MD11Engineer From Germany, joined Oct 2003, 14968 posts, RR: 61 Posted (9 years 9 months 3 weeks 1 day 11 hours ago) and read 3147 times:
On July 16th, 1936, after several years of violence between rightwing and leftwing gangs, a rightwing junta of Spanish generals und the leadership of fiorst General Mola and later General Franco, performed a coup d'etat against the democratically elected government of the Spanish Republic.
The coupists were actively supported by Nazi Germany and Fascist Italy with money, troops and weapons.
On the other side Stalin used his influence as the only supporter of the Republic to force the Spanish government tom give the Stalinist Spanish Communist party, which up to then had played only a small role (most leftwing Spanish were either Anarchist, Trotzkist or Social Democrat, but the government also included bourgois midstream liberals and non-fascist conservatives) to unproportional power.
Britain and France decided to stay out of the war and not to support the Republic as not to provoke Germany and Italy.
While the coup was stopped by an armed popular uprising in about 2/3 of Spain, including the big cities of Barcelona, Madrid and Valencia, the coupists managed to capture several provinces in the south and west of Spain. This lead to a civil war with an estimated of 500.000 people being killed, of them approximately half in combat, while most of the rest were executed by death squads of both sides. Later the Stalinists started a civil war within the civil war in the attempt to purge their rivals of the Trotzkist, independent left and Anarchist groups.
In March 1939 the Republic had to surrender.
Both Germany and Italy used the war to try out new tactics to be used a few months later in WW2.
General Franco ruled Spain with an iron fist until his death in 1976.
TriStar500 From Germany, joined Nov 1999, 4706 posts, RR: 39
Reply 3, posted (9 years 9 months 3 weeks 22 hours ago) and read 3116 times:
While I certainly do not agree with Franco on the political side, I have to say that he was clever enough to stay out of World War II, thus preserving his regime until the mid-1970's, while his fellow fascist or right-wing co-dictators Hitler, Mussolini and those from the Axis' satellite states only made it until 1944/45.
Homer: Facts are meaningless. You could use facts to prove anything that's even remotely true!
JJJ From Spain, joined May 2006, 2306 posts, RR: 1
Reply 4, posted (9 years 9 months 3 weeks 22 hours ago) and read 3114 times:
Quoting TriStar500 (Reply 3): I have to say that he was clever enough to stay out of World War II, thus preserving his regime until the mid-1970's, while his fellow fascist or right-wing co-dictators Hitler, Mussolini and those from the Axis' satellite states only made it until 1944/45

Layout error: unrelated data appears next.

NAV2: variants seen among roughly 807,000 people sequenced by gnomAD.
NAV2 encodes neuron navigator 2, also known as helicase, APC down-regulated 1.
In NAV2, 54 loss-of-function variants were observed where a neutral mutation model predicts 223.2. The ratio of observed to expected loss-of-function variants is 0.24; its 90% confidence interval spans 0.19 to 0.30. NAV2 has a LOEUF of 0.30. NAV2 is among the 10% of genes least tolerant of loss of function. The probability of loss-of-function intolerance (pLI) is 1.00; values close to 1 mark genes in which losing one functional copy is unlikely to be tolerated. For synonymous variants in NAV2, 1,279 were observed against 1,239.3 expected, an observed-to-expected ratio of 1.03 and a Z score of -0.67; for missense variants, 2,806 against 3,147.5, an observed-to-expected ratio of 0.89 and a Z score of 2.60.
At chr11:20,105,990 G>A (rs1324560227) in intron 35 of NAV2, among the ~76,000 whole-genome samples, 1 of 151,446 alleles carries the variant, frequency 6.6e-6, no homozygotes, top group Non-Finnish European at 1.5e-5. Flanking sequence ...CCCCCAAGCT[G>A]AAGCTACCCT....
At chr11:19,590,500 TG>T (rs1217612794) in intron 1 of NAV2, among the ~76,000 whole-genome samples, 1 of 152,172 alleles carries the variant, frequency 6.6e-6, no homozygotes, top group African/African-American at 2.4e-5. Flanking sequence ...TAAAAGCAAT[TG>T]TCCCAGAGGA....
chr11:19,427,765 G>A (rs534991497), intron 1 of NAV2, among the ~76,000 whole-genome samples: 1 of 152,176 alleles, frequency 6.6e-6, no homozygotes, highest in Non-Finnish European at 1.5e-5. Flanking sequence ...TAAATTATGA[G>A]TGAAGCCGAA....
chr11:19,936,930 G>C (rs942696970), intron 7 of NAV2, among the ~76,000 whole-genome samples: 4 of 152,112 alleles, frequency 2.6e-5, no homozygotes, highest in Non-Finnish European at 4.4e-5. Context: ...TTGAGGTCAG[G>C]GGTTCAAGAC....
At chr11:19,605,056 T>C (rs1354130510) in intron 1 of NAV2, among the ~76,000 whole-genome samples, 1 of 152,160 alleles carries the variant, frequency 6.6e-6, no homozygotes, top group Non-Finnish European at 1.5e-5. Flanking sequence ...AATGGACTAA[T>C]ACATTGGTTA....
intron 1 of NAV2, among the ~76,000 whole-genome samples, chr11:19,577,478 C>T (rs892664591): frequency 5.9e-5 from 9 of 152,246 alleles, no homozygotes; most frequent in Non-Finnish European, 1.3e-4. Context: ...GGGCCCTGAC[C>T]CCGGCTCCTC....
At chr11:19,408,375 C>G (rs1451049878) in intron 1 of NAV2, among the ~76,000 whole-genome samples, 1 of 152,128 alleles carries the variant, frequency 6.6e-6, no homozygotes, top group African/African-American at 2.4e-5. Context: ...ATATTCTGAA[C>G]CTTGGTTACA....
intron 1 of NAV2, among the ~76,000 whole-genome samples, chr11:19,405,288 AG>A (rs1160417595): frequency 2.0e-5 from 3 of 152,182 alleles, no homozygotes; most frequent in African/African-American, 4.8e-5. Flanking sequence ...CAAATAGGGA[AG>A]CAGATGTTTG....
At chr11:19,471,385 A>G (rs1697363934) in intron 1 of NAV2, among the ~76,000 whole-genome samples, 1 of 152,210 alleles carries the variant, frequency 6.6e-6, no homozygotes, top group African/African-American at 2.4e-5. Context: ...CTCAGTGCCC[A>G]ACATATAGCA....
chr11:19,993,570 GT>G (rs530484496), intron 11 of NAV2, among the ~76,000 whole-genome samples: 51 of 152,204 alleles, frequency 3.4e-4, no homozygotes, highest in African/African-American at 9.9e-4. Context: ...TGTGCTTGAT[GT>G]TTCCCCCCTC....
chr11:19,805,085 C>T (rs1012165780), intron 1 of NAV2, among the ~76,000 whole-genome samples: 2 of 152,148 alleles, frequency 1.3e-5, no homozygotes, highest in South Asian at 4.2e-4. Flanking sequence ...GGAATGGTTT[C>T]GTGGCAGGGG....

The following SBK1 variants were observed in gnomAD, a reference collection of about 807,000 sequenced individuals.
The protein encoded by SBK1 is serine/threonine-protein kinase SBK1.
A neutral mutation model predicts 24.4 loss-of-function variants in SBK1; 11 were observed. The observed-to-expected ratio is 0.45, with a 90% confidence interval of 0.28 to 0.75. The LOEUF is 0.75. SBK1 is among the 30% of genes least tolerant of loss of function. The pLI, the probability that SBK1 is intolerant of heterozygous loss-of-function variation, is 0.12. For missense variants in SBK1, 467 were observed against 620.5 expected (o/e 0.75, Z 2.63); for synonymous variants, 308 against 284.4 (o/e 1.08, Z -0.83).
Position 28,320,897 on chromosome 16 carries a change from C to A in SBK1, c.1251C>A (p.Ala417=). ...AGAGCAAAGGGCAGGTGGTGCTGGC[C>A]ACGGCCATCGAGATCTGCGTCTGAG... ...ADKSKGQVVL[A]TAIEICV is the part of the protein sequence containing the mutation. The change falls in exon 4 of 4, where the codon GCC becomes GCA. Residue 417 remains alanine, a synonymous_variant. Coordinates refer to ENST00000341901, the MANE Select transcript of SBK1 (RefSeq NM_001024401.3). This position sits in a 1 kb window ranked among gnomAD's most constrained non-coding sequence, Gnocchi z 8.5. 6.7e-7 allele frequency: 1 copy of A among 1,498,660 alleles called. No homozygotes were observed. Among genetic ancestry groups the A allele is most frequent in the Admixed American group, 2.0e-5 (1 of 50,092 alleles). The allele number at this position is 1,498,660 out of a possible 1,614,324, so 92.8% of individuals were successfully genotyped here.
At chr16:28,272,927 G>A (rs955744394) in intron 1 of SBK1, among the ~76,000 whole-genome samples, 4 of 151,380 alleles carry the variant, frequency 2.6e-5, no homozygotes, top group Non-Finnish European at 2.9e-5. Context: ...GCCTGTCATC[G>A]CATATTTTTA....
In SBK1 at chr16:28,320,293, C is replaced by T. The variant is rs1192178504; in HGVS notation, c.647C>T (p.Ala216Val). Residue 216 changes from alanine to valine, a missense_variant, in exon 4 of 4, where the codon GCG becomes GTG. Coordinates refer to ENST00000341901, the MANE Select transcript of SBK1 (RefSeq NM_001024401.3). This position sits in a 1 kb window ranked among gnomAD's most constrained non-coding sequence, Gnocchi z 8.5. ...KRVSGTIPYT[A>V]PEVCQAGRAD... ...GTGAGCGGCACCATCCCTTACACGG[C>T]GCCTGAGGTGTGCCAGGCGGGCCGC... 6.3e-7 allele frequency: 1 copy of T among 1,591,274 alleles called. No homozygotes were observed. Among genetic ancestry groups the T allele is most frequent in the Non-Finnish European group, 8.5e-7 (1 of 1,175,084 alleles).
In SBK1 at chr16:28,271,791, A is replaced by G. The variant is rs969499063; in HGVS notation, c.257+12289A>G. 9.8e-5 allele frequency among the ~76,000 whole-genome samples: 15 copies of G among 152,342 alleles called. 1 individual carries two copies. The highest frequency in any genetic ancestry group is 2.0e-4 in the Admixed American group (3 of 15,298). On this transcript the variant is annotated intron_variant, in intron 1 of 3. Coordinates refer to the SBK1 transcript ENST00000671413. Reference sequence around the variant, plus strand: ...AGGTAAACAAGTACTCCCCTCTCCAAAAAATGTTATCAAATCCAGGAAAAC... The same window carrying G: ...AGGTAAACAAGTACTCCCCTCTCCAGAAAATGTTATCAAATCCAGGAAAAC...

He inherited a totally exhausted economy, even if at first he was willing to (the famous Hendaye meeting with Hitler) Spain would have been more a burden than any other thing for the Axis.
After the war, Franco was useful because of his staunch anti-communism so he was spared.
MD11Engineer From Germany, joined Oct 2003, 14968 posts, RR: 61
Reply 5, posted (9 years 9 months 3 weeks 12 hours ago) and read 3093 times:
I think also that Franco, who was, unlike the ideologists Hitler and Mussolini, a trained military general officer with staff training and practical experience as a commander in the colonial war in Morrocco, realised how amateurish both Hitler's and Mussolini's plans for world rule were and decided to stay out off it as far as possible.
He sent his Division Azul to help Hitler in Russia, this unit consisted mostly of fanatical members of the fascist organisation Falange Espanola, which had big losses in combat.
It is thought that Franco used this way to get rid of the revolutionary wing of the fascist party, in a similar way Hitler dropped and executed the leaders of the German SA Stormtroopers in 1934 after he became chancellor of the German Reich to get rid of the opposition within his own movement.
Once both dictators had reached power they needed the support of the establishment (industrialists, conservative military, aristocracy) and the working class revolutionaries of the fascist or Nazi movements, who demanded e.g. socialisation of business and land, became a liability.
DL021 From United States of America, joined May 2004, 11454 posts, RR: 72
Reply 7, posted (9 years 9 months 3 weeks 12 hours ago) and read 3086 times:
Quoting MD11Engineer (Reply 5): He sent his Division Azul to help Hitler in Russia, this unit consisted mostly of fanatical members of the fascist organisation Falange Espanola, which had big losses in combat.
The reason you gave was precisely correct. You need to lose the nutcases who got you over the edge into power sometimes because they are uncontrollable and will cause trouble of the worst kind. Franco was not stupid. Lots of bad things but not stupid.
I remember reading about the various brigades of volunteers, and of one anarchist brigade where they voted on everything......they were slaughtered.
The Abraham Lincoln brigade took much crap back home for years afterwards for being socialist by and large, but they displayed real heroism.
The testbed attitude the Germans, Italians and Soviets took with this conflict (I don't think they cared really who won) was perhaps most evilly displayed with the bombing of Guernica. Ruthless and unfortunately effective.
Repeated by the Americans, necessarily, later during WWII in all theaters, but most notably in Dresden and Cologne, as well as Tokyo and of course Hiroshima and Nagasaki.
Spain is a beautiful place, with friendly people....it's amazing that such things could come from there.
MD11Engineer From Germany, joined Oct 2003, 14968 posts, RR: 61
Reply 8, posted (9 years 9 months 3 weeks 11 hours ago) and read 3075 times:
Spain under Franco wasn't the Spain you know today (I remember it a bit as a child, when my father was working in Spain in the early 1970s), and the Spain of the early 20th century was again very different.
Back then you had some highly developed regions with lots of industry, especially Catalunia, Asturias with it's coal mines and the Basque country, plus Madrid. Most of inner Spain, the West and the South was agrarian country ruled by a very reactionary aristocratic class of landowners, who made the French royal court of 1789 look modern and liberal.